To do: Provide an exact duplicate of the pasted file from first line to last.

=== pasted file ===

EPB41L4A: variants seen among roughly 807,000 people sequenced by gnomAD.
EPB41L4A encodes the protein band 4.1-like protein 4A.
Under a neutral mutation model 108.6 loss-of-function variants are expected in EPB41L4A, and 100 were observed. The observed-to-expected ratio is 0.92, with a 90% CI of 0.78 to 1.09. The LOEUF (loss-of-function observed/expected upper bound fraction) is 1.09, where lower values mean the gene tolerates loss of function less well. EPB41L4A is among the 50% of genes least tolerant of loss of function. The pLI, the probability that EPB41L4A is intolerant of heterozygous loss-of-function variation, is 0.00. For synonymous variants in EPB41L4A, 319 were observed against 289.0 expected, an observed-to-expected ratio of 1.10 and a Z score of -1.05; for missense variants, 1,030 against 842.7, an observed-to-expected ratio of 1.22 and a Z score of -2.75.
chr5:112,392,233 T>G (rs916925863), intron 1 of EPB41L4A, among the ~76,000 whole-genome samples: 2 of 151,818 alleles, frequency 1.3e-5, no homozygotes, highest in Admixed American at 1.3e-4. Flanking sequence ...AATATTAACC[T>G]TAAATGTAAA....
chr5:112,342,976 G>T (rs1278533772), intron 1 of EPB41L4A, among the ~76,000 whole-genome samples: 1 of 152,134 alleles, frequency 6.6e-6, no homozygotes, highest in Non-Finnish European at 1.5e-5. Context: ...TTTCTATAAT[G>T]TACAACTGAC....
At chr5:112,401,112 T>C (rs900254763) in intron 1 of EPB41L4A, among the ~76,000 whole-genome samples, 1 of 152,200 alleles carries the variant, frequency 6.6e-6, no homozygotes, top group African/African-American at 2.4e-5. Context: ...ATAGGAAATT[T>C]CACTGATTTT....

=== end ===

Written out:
EPB41L4A: variants seen among roughly 807,000 people sequenced by gnomAD.
EPB41L4A encodes the protein band 4.1-like protein 4A.
Under a neutral mutation model 108.6 loss-of-function variants are expected in EPB41L4A, and 100 were observed. The observed-to-expected ratio is 0.92, with a 90% CI of 0.78 to 1.09. The LOEUF (loss-of-function observed/expected upper bound fraction) is 1.09, where lower values mean the gene tolerates loss of function less well. EPB41L4A is among the 50% of genes least tolerant of loss of function. The pLI, the probability that EPB41L4A is intolerant of heterozygous loss-of-function variation, is 0.00. For synonymous variants in EPB41L4A, 319 were observed against 289.0 expected, an observed-to-expected ratio of 1.10 and a Z score of -1.05; for missense variants, 1,030 against 842.7, an observed-to-expected ratio of 1.22 and a Z score of -2.75.
chr5:112,392,233 T>G (rs916925863), intron 1 of EPB41L4A, among the ~76,000 whole-genome samples: 2 of 151,818 alleles, frequency 1.3e-5, no homozygotes, highest in Admixed American at 1.3e-4. Flanking sequence ...AATATTAACC[T>G]TAAATGTAAA....
chr5:112,342,976 G>T (rs1278533772), intron 1 of EPB41L4A, among the ~76,000 whole-genome samples: 1 of 152,134 alleles, frequency 6.6e-6, no homozygotes, highest in Non-Finnish European at 1.5e-5. Context: ...TTTCTATAAT[G>T]TACAACTGAC....
At chr5:112,401,112 T>C (rs900254763) in intron 1 of EPB41L4A, among the ~76,000 whole-genome samples, 1 of 152,200 alleles carries the variant, frequency 6.6e-6, no homozygotes, top group African/African-American at 2.4e-5. Context: ...ATAGGAAATT[T>C]CACTGATTTT....